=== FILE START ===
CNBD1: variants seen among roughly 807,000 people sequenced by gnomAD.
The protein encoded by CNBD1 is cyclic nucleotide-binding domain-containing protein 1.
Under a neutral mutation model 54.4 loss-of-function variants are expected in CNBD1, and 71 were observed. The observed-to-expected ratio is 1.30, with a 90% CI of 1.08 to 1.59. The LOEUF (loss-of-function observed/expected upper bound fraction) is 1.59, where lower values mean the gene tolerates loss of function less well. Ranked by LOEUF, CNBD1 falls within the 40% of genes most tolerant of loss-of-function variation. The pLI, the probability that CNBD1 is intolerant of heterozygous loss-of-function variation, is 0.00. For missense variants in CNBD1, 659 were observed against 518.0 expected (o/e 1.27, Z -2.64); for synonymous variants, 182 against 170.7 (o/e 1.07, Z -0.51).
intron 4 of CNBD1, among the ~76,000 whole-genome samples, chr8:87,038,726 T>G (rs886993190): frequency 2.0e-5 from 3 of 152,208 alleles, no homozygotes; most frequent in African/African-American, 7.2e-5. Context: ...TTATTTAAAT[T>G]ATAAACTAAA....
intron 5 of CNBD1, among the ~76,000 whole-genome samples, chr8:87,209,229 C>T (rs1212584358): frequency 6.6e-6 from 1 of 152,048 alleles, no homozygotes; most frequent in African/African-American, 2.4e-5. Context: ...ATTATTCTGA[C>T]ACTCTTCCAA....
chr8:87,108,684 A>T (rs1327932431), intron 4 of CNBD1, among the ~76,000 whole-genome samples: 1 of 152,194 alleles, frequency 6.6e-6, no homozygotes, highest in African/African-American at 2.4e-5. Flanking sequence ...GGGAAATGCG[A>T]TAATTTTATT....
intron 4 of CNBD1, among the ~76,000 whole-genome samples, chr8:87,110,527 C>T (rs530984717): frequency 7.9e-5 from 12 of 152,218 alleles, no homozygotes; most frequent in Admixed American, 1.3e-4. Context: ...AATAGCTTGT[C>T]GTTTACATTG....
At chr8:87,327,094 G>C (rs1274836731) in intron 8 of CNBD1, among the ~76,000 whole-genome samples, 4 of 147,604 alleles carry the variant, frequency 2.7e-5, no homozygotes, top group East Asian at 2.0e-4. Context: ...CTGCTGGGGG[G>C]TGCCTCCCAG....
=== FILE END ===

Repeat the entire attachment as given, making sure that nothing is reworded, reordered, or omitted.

CNBD1: variants seen among roughly 807,000 people sequenced by gnomAD.
The protein encoded by CNBD1 is cyclic nucleotide-binding domain-containing protein 1.
Under a neutral mutation model 54.4 loss-of-function variants are expected in CNBD1, and 71 were observed. The observed-to-expected ratio is 1.30, with a 90% CI of 1.08 to 1.59. The LOEUF (loss-of-function observed/expected upper bound fraction) is 1.59, where lower values mean the gene tolerates loss of function less well. Ranked by LOEUF, CNBD1 falls within the 40% of genes most tolerant of loss-of-function variation. The pLI, the probability that CNBD1 is intolerant of heterozygous loss-of-function variation, is 0.00. For missense variants in CNBD1, 659 were observed against 518.0 expected (o/e 1.27, Z -2.64); for synonymous variants, 182 against 170.7 (o/e 1.07, Z -0.51).
intron 4 of CNBD1, among the ~76,000 whole-genome samples, chr8:87,038,726 T>G (rs886993190): frequency 2.0e-5 from 3 of 152,208 alleles, no homozygotes; most frequent in African/African-American, 7.2e-5. Context: ...TTATTTAAAT[T>G]ATAAACTAAA....
intron 5 of CNBD1, among the ~76,000 whole-genome samples, chr8:87,209,229 C>T (rs1212584358): frequency 6.6e-6 from 1 of 152,048 alleles, no homozygotes; most frequent in African/African-American, 2.4e-5. Context: ...ATTATTCTGA[C>T]ACTCTTCCAA....
chr8:87,108,684 A>T (rs1327932431), intron 4 of CNBD1, among the ~76,000 whole-genome samples: 1 of 152,194 alleles, frequency 6.6e-6, no homozygotes, highest in African/African-American at 2.4e-5. Flanking sequence ...GGGAAATGCG[A>T]TAATTTTATT....
intron 4 of CNBD1, among the ~76,000 whole-genome samples, chr8:87,110,527 C>T (rs530984717): frequency 7.9e-5 from 12 of 152,218 alleles, no homozygotes; most frequent in Admixed American, 1.3e-4. Context: ...AATAGCTTGT[C>T]GTTTACATTG....
At chr8:87,327,094 G>C (rs1274836731) in intron 8 of CNBD1, among the ~76,000 whole-genome samples, 4 of 147,604 alleles carry the variant, frequency 2.7e-5, no homozygotes, top group East Asian at 2.0e-4. Context: ...CTGCTGGGGG[G>C]TGCCTCCCAG....